Building a plugin for an instrument based on the WebAudio API?

Hi everyone,

I am researching how can I build a plugin (VSTi and AU) for my synthesizer Viktor NV-1: http://nicroto.github.io/viktor/.
The NV-1 is built on top of the Web Audio API, so I will need to be able to embed a browser into the VSTi.
I am looking at the Chromium Embedded Framework (https://bitbucket.org/chromiumembedded/cef) and I've posted a question there, but haven't gotten any response, yet.

Has anyone, in the Juce community, done something like that?

Any pointers and guide-lines are much appreciated - I am open to all feedback.

Cheers!

Hi tsenkov,

Did you get anywhere this? Did you manage to get CEF working with JUCE?

Cheers,

Jamie

Hi Jamie,

Unfortunately, I didn’t. Mostly because of these:

  • Web Audio as anything in the Chromium project (at the time) was sprinkled with GPL licensed code, here and there (and I wanted to build something proprietary).
  • The Chromium project couldn’t be developed under Xcode - no code navigation (or worse - navigating to the wrong thing all the time) etc.
  • I talked to the original creator of Web Audio, Chris Rogers, and he raised serious concerns about such an attempt - the Chromium process model is pretty complex to be changed in a way to deliver the samples produced by the browser audio thread to the plugin audio thread (in Chromium I believe it was running in a separate process? and webKit at the time had both single-process model 1.0 API, as well as multi-process model 2.0), the delivery of MIDI messages to the Javascript vm to process, I think there wasn’t any way to guarantee sample-accurate rendering, too.
  • I definitely didn’t know C++ well enough to take on such a huge challenge.

From talking with Chris and other people, I got that it’s probably best if I get Web Audio out of Chromium or WebKit. And then either:

  • use a Javascript engine (and reimplement/reuse the javascript mappings to native calls/objects) and continue writing projects in Javascript but with native UI (effectively removing the browser visual rendering and making the threading model easier);
  • or just use the Web Audio I extracted as a C++ library in native code, where it will be much more predictable to deliver samples on time and make sample accurate renderings.

At this point I kind of gave up… :frowning:

I find WebKit’s coding style to be a lot easier to read, and they actually keep the project usable from Xcode - Chromium guys don’t use an IDE, they just use CLI tooling to develop as much I found out in documentation, IRC channels etc.

But I believe Chromium has a more advanced implementation of Web Audio, with more features and higher quality components (filters sound a lot better in Chrome than Safari in my experience).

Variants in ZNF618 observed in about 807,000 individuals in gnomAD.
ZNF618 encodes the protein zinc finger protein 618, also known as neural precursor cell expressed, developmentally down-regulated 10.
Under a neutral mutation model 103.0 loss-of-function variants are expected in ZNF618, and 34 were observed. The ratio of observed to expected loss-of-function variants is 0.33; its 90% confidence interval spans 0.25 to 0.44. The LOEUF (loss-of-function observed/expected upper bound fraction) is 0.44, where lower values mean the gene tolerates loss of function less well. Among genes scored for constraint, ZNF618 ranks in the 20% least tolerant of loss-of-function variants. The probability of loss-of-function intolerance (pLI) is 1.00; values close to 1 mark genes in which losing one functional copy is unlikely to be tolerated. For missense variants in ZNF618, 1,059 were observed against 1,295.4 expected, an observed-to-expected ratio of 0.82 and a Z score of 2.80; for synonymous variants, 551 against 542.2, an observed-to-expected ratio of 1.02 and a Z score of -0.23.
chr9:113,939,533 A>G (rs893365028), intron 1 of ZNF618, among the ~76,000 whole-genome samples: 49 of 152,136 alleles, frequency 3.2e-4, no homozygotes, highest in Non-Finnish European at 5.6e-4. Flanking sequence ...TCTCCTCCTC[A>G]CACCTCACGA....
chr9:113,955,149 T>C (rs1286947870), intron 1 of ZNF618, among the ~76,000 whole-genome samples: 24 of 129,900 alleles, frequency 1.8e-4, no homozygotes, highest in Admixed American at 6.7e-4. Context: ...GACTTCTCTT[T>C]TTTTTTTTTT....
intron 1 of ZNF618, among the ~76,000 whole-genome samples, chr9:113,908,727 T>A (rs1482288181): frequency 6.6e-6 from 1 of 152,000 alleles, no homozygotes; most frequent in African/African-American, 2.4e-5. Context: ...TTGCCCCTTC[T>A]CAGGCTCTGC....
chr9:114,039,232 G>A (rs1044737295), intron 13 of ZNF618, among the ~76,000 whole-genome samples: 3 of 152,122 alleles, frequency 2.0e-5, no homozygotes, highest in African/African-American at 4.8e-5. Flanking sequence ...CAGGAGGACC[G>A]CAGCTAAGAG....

If you decide to try and extract Web Audio, I believe Chromium (Blink, which if nothing changed, is inseparable part of Chromium) has the version you want.

If you make any progress - please, let me know. I always meant to return to this project at some point, but I can’t commit when will I have the time to do it.

I hope this is helpful.

Thanks for the detailed reply and report, very useful…

My main interest is in getting CEF working under JUCE, was actually not for audio but for the FIleSystem API support. Basically to experiment with running some legacy web code in a plugin context.

My conclusions so far are similar to yours: that CEF with its multi-process model is non-trivial to incorporate into a JUCE component. I think unless I can see someone has already demonstrated proof-of-concept with this, I’m giving up too. FWIW, there’s a thread on the CEF list about this: http://www.magpcss.org/ceforum/viewtopic.php?f=6&t=11367

Cheers.

Jamie

1 Like

Awesome discussion! I read the related discussions in the Atom forum and the KVR Forum as well.

  • use a Javascript engine (and reimplement/reuse the javascript mappings to native calls/objects) and continue writing projects in Javascript but with native UI (effectively removing the browser visual rendering and making the threading model easier);

Would it be an option to run the Javascript engine (node most likely) for processing the audio + a web view for just the UI? Or would that tax the cpu unnecessarily even more?

For the mapping of the Web Audio API to node, something like the web-audio-api could be used (which unfortunately is incomplete and probably abandoned). The question is then how to connect the output stream of that lib to the VSTi output.

Interesting topic! Would be easier if the DAW was implemented in JS itself…

There were two talks at ADC a few weeks ago on a similar topic:

Great discussion, I’ve been wanting to comment on this, but always got distracted. I’ve been meaning to do this for some ideas I wanted to prototype. Embedded browsers in audio plugins is a breeze for Max/MSP, however I want to do this with JUCE.

If embedded a whole browser is not possible, is there a way to get audio from a web link apart from the usual API route?

Well, I still want to do this but don’t know where to start. So basically I made a sampler that can sample anything on the web through a Max4Live plugin in Max/MSP. However to route audio I used a routing mechanism like soundflower, jack audio.

Now I want to get rid of the dependency. Is it possible to do something like that in JUCE? This could be amazing for samplers and sampling technology.

Here’s a link to the project if you are curious: https://gumroad.com/l/websamplr